China now exports money. Russia exports gas and oil. The Netherlands sends millions of flowers abroad every day. And, more than occasionally, America tries to export democracy.
The tension over sending democracy abroad has been measured in terms of George Washington's pragmatism versus Woodrow Wilson's idealism, the latter elevated to grander status by Jack Kennedy's solemn commitment to "pay any price and bear any burden" to defend freedom and liberty. All modern American presidents have paid at least lip service to defending freedom and democracy and more than a few have threatened or gone to war to uphold those principles. A searing question is with what effect?
For the first five or six decades of its existence, Americans went west not to spread democracy to the Indians but to settle and colonize the continent. Missionaries preached the gospel as far as China but not Jeffersonian democracy. The Spanish-American War of 1898 left the U.S. with colonies politely called "possessions" in the Pacific and Caribbean that took years to mature beyond fledgling outposts for creating democracy.
Woodrow Wilson's aspiration to make the world safe for democracy was overwhelmed by two world wars and a cold one. Fortunately, Franklin Roosevelt and then Harry Truman were determined not to repeat the folly of the allies in pauperizing the Kaiser's Germany after World War I. With the Marshall Plan and benign occupations, Nazi Germany and Fascist Japan and Italy became functioning democracies -- it took South Korea two decades longer. But at what cost?
Hundreds of millions perished or suffered in that war. Countless treasure was spent. Germany and Japan were physically destroyed -- and lay helpless and hopeless subject to the victors' whim. These were one off conditions unlikely ever to be repeated. However, the successes in winning the war and the peace probably convinced many in America's so-called "greatest generation" that spreading democracy was noble, viable and practical.
Yet, the reality of containing the Soviet Union tempered the thirst for setting democracy among the highest foreign policy priorities. The U.S. willingly embraced and supported despots and dictators who were prepared to stand with Washington against Moscow. That preference still exists particularly in the Middle East and Persian Gulf where Islamic radicalism has replaced communism as a key danger.
Dwight Eisenhower knew better than to challenge Soviet armed intervention into Hungary and Poland in 1956 that repressed the attempted revolutions, relying instead on toppling governments unfriendly to America in Latin America and Iran. It took Ike's successor, JFK, to cast the jungles, highlands and rice paddies of Vietnam as the battleground for freedom and democracy. Unfortunately, transitioning from colonial rule to the ballot box as the basis for political power proved far more difficult than anticipated especially when North Vietnam had a vote and, as it turned out, the vote. 58,000 dead Americans and countless Vietnamese casualties later, American intervention turned into a disastrous lost crusade.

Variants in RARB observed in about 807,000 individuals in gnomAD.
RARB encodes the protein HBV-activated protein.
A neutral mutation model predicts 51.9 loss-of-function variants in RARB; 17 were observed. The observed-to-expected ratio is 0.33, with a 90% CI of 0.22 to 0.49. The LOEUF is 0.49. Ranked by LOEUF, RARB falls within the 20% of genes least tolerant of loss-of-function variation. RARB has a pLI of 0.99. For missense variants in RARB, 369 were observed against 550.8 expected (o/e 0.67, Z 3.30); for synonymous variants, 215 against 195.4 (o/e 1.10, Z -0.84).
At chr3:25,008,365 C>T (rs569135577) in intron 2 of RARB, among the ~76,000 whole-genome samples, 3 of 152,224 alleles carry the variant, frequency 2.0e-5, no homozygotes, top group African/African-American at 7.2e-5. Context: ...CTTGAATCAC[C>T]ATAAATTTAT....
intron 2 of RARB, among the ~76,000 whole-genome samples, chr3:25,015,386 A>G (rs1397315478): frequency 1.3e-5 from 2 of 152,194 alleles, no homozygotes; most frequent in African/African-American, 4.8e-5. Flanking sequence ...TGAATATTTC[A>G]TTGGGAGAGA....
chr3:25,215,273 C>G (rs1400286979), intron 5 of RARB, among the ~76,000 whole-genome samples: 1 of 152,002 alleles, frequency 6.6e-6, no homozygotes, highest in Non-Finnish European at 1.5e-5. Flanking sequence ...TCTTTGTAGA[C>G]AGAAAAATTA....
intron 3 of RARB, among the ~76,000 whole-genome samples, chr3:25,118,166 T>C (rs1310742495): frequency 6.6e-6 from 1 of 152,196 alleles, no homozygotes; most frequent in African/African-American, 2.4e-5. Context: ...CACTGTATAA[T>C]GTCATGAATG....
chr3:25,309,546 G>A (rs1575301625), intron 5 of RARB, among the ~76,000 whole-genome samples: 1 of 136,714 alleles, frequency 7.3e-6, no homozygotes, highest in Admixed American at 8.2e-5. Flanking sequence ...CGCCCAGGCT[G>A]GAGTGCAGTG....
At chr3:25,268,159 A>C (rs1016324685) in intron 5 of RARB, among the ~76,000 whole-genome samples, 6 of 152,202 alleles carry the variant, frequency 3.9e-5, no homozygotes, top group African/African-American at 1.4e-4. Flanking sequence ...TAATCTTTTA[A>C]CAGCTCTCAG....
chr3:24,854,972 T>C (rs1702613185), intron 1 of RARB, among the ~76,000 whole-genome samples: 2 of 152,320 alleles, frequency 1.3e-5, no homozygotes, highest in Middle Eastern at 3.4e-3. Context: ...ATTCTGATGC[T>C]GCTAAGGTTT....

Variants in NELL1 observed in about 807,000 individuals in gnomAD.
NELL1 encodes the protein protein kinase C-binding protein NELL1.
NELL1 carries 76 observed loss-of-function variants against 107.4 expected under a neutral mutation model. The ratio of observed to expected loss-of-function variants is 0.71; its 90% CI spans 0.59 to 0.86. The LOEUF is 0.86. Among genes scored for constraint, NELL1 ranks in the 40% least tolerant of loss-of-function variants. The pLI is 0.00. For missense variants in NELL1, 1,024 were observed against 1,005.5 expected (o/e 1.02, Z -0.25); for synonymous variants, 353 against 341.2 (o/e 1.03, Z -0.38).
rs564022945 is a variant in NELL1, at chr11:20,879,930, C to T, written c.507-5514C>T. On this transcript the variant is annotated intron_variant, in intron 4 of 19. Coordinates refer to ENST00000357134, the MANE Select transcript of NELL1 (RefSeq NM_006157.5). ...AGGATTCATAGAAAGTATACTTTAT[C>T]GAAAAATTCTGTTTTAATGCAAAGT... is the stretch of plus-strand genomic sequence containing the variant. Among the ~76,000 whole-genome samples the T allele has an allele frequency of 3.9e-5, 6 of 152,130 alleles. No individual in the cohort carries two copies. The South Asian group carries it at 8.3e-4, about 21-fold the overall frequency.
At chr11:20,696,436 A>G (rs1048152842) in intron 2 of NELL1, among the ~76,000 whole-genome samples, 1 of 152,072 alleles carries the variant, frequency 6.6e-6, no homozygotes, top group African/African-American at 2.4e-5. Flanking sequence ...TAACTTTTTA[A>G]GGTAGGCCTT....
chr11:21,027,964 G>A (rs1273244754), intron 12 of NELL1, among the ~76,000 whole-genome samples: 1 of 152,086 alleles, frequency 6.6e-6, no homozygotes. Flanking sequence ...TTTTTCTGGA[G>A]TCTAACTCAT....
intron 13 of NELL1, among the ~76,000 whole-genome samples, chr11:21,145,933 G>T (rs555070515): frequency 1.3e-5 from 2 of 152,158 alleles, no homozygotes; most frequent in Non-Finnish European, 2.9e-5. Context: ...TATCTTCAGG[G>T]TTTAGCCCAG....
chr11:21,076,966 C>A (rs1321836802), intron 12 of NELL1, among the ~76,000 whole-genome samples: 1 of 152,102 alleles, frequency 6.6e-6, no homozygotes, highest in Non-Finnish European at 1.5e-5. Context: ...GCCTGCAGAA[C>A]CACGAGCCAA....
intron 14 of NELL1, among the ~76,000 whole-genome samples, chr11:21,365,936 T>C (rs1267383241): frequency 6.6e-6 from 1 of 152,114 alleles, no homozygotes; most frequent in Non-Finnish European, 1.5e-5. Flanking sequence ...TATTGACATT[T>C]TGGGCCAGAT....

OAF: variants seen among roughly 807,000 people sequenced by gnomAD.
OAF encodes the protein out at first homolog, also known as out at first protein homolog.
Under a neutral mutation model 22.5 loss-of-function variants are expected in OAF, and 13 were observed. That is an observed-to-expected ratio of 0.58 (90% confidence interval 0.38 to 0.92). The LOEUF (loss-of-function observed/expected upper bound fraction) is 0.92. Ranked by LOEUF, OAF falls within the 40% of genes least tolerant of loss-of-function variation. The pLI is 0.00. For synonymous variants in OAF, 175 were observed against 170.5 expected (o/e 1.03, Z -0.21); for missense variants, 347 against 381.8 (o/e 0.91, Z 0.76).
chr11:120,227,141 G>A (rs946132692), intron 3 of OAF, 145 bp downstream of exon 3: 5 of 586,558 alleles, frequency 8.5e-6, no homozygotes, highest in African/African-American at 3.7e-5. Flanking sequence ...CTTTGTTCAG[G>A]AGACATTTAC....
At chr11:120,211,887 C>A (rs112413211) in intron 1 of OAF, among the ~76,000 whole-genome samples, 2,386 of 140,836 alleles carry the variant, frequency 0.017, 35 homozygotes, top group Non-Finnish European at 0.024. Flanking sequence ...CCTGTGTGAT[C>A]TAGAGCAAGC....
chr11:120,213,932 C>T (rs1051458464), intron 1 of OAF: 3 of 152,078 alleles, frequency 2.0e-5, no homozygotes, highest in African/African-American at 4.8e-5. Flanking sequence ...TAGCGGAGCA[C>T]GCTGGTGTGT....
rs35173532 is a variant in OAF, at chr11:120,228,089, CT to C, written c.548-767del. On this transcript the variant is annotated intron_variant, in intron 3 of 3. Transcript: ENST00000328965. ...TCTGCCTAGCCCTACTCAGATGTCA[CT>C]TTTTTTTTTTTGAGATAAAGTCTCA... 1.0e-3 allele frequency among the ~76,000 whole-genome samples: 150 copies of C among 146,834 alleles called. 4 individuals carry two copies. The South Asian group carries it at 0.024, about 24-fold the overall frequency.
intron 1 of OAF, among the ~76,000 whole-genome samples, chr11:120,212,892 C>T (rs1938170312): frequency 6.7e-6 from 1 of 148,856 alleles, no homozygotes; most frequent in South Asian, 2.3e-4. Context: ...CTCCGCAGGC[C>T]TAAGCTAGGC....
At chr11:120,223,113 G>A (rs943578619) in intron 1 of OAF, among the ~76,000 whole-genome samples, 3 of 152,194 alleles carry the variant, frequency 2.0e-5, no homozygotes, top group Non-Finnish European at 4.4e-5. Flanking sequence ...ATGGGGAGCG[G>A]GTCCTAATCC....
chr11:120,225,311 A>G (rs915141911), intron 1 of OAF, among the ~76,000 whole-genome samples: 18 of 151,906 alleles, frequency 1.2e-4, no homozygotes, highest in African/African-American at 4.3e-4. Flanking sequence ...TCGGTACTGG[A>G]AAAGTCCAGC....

The fall of the Berlin Wall in 1989 was a singular triumph, miraculously achieved short of a third world war. The former Eastern bloc of Iron Curtain states would become part of George H.W. Bush's vision of a Europe "whole and free." Of course, each of these former Soviet satellites had long experience with democratic traditions and the rule of law. This transition was not achieved by American export of democracy. Rather, each country was the engine and mechanism for the self-imposition of democracy.
The ill-advised and ill-fated interventions into Afghanistan and Iraq remain testimonies to the folly of trying to impose democracies on cultures and conditions where that simply could never work. When Vladimir Putin seized Crimea, the U.S. predictably reacted with shock, surprise and outrage. However, and despite elections, Ukraine is not and probably never will be a real democracy in the American image.
Will future (and current) American politicians learn these realities? Of course it is essential to support human rights and the rule of law. Of course it is important to stand for liberty and freedom. However, exporting democracy as America has tried through several colossally failed military interventions into regions and cultures that reject such efforts will not work -- unless the Nazi Germany and Fascist Japan model is used.
George Washington got it right. While Wilson's idealism might apply in a near perfect world, that world is light years away. Beethoven, who was deaf, predicted that he would "hear in heaven." Democracy is the strength and salvation of many countries. But until we all "hear in heaven," we best be clever, careful and cautious in trying too hard to export it.
Harlan Ullman is Chairman of the Killowen Group that advises leaders of government and business, Senior Advisor at Washington D.C.'s Atlantic Council. His latest book, due out this Fall, is A Handful of Bullets: How the Murder of an Archduke a Century Ago Still Menaces Peace Today.